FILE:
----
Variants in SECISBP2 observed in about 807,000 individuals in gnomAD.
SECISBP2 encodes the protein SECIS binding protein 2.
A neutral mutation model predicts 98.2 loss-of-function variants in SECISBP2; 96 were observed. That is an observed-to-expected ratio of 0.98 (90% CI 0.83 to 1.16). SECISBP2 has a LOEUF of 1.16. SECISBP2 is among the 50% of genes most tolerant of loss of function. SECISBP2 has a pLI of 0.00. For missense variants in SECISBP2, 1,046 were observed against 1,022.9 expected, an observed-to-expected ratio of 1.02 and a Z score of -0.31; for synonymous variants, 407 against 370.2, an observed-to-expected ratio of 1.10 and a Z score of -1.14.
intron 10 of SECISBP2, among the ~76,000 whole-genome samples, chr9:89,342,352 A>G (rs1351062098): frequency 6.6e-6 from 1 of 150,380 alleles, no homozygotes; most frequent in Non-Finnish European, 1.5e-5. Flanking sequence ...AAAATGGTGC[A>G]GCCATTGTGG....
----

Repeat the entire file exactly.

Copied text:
Variants in SECISBP2 observed in about 807,000 individuals in gnomAD.
SECISBP2 encodes the protein SECIS binding protein 2.
A neutral mutation model predicts 98.2 loss-of-function variants in SECISBP2; 96 were observed. That is an observed-to-expected ratio of 0.98 (90% CI 0.83 to 1.16). SECISBP2 has a LOEUF of 1.16. SECISBP2 is among the 50% of genes most tolerant of loss of function. SECISBP2 has a pLI of 0.00. For missense variants in SECISBP2, 1,046 were observed against 1,022.9 expected, an observed-to-expected ratio of 1.02 and a Z score of -0.31; for synonymous variants, 407 against 370.2, an observed-to-expected ratio of 1.10 and a Z score of -1.14.
intron 10 of SECISBP2, among the ~76,000 whole-genome samples, chr9:89,342,352 A>G (rs1351062098): frequency 6.6e-6 from 1 of 150,380 alleles, no homozygotes; most frequent in Non-Finnish European, 1.5e-5. Flanking sequence ...AAAATGGTGC[A>G]GCCATTGTGG....